Remarkable Man-Made Wonders of the World

By Sophia Maddox | April 25, 2024

Angkor Wat in Cambodia Continues to Capture Hearts With Its Timeless Splendor

There are over 100 million buildings in the world, an absolutely staggering number when you try to wrap your head around it. Before settling down and building structures, people were nomadic for thousands of years  - of course this was 1.8 million years ago. Mostly, these buildings were simple structures consisting of four walls and a roof. Over time, people learned better techniques and started creating more elaborate structures, that's what we're checking out today.

From that time to the present, people have constructed many remarkable man-made structures. Some are lavish homes while others have been used as seats of government as well as other purposes. Let's look at some of these remarkable man-made structures.

 

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Covering over 400 acres, Angkor Wat is the largest religious complex in the world. The temple's design is supposed to look like Mount Meru, the home of the Hindu gods, and many of the towers are precisely positioned to align with the solstice at sunrise. The walls and moat symbolize the surrounding mountain ranges and ocean, while the towers represent the mountain peaks. Workers used about 7.5 million sandstone blocks weighing about 1.5 tons each to build the five original towers. They covered almost every surface, including the roof, with carvings based on Indian literature.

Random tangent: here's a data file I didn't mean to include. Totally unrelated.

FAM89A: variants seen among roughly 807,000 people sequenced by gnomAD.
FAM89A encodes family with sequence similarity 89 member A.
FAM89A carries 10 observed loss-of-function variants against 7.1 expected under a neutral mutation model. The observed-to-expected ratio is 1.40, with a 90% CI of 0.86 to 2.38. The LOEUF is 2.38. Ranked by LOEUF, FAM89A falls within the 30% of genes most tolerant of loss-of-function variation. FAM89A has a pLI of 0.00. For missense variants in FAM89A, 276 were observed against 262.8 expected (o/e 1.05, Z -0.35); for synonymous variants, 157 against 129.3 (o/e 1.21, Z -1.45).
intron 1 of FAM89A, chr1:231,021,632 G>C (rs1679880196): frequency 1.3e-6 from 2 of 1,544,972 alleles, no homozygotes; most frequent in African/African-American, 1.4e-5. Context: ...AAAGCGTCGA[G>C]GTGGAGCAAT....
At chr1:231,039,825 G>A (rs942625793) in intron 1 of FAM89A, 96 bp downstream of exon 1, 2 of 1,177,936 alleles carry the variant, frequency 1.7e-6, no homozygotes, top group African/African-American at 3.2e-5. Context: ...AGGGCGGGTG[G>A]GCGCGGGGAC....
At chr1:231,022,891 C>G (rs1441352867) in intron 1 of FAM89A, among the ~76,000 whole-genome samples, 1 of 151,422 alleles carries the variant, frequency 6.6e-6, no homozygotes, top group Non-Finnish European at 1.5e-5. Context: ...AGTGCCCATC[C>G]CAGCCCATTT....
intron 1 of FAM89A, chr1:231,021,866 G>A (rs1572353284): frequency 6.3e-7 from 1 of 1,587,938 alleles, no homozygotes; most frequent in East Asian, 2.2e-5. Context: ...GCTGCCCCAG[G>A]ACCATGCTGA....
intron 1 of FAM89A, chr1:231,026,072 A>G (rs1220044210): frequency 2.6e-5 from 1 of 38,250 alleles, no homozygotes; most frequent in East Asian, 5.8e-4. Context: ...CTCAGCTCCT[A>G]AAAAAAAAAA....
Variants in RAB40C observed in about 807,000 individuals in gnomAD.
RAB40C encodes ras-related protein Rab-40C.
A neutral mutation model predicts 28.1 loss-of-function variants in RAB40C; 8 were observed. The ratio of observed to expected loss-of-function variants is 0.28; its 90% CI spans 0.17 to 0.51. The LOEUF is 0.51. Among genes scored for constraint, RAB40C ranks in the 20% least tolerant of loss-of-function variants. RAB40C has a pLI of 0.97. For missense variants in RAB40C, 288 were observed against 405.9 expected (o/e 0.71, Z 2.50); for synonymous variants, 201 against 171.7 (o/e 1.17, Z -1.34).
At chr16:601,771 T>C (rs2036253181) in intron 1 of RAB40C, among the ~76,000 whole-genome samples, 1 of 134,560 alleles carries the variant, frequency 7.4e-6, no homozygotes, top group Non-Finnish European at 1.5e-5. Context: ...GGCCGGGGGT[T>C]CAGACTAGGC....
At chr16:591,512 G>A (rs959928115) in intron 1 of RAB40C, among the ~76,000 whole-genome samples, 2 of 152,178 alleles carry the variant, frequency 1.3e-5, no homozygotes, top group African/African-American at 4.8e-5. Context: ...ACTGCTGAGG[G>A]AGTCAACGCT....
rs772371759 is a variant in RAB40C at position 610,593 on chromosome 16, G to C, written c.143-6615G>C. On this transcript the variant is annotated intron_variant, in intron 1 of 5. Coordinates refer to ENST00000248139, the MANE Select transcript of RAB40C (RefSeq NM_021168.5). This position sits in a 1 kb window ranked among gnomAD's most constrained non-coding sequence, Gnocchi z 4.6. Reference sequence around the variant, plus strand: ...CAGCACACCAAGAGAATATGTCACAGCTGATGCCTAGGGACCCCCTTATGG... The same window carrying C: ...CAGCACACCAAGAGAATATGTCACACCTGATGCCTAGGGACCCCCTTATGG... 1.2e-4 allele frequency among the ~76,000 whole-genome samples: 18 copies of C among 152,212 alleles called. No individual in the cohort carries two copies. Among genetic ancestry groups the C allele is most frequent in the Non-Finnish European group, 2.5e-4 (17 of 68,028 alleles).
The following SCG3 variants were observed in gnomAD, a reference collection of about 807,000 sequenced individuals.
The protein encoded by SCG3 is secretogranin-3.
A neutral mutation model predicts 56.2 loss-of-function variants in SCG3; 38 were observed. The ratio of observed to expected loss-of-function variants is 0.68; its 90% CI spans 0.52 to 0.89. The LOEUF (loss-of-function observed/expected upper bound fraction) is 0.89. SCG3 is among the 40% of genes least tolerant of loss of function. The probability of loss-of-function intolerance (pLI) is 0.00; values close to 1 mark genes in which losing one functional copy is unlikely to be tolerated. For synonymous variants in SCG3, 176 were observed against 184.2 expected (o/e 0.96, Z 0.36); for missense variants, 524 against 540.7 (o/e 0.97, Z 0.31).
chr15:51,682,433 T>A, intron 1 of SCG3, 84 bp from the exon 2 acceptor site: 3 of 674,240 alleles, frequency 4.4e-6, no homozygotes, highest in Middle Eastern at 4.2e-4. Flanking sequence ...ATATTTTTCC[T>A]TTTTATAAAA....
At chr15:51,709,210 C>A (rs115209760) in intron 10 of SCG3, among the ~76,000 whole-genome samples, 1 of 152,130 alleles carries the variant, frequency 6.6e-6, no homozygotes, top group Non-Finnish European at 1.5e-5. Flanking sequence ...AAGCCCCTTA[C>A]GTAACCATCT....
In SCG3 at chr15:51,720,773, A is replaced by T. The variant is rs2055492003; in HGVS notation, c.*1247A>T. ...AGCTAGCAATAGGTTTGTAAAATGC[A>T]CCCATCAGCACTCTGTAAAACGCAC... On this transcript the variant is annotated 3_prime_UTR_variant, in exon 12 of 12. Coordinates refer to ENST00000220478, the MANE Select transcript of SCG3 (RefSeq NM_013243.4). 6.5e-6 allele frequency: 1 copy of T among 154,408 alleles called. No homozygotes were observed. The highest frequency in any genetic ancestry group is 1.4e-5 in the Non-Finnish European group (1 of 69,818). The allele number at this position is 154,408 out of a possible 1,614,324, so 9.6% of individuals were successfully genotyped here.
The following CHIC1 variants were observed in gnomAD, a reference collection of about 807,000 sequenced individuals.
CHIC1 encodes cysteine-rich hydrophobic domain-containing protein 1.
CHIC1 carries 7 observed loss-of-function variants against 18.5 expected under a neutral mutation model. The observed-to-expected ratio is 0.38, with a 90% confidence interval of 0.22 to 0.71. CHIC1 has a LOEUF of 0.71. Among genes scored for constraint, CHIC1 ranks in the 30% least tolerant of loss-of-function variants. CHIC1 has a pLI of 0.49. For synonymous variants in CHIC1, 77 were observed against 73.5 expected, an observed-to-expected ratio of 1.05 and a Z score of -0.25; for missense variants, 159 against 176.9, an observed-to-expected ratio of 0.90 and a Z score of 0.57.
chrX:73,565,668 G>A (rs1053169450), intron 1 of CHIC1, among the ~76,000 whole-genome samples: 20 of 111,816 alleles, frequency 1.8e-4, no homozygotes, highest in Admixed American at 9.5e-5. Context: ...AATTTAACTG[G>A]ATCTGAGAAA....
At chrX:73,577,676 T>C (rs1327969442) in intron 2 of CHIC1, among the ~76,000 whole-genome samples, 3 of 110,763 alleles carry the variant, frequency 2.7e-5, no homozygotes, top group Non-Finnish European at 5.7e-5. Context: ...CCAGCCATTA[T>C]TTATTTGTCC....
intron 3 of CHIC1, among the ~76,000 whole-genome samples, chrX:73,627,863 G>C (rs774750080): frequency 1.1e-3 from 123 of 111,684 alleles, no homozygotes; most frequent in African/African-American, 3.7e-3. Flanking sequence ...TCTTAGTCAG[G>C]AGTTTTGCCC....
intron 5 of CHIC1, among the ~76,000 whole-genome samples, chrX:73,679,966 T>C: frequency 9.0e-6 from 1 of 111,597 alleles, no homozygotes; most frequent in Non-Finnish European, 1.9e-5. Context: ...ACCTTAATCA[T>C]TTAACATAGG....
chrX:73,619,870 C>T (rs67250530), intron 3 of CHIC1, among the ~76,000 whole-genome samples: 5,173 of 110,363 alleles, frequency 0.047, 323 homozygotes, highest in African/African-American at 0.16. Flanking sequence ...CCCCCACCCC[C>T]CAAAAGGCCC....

King Suryavarman II had workers start constructing this sandstone complex near Angkor, Cambodia, during the 12th century as a Hindu temple dedicated to the god Vishnu. A Hindu religious leader named Divākarapaṇḍita urged King Suryavarman II to have the structure constructed. While debatable, the complex may have been the king's funerary temple. Starting in 1177, after the Chams gained control of the area, Angkor Wat was converted to a Buddhist temple in honor of King Jayavarman VII's wife.

The Great Pyramid of Giza Stands Tall as a Timeless Wonder of Human Achievement

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Workers toiled for almost 30 years during the first half of the 26th century BC to construct the Great Pyramid of Giza, the largest Egyptian pyramid. It is the final resting spot of Pharaoh Khufu, the second ruler of the Fourth Dynasty of the Old Kingdom. This pyramid is the northernmost pyramid in the Giza Pyramid Complex. For more than 3,800 years, it was the tallest man-made structure in the world. When visitors see the Great Pyramid of Giza, they view the inner part of the pyramid as limestone originally covered the exterior. The pyramid consists of three chambers, with the lowest chamber below ground.

Workers used approximately 2.3 million blocks, each weighing about 2.5 tons, to construct the pyramid. They took the stone from a nearby quarry, but workers brought other materials from over 500 miles away. The corners of the pyramid roughly align with the four geographic cardinal directions, an achievement that still boggles the minds of scholars to this day.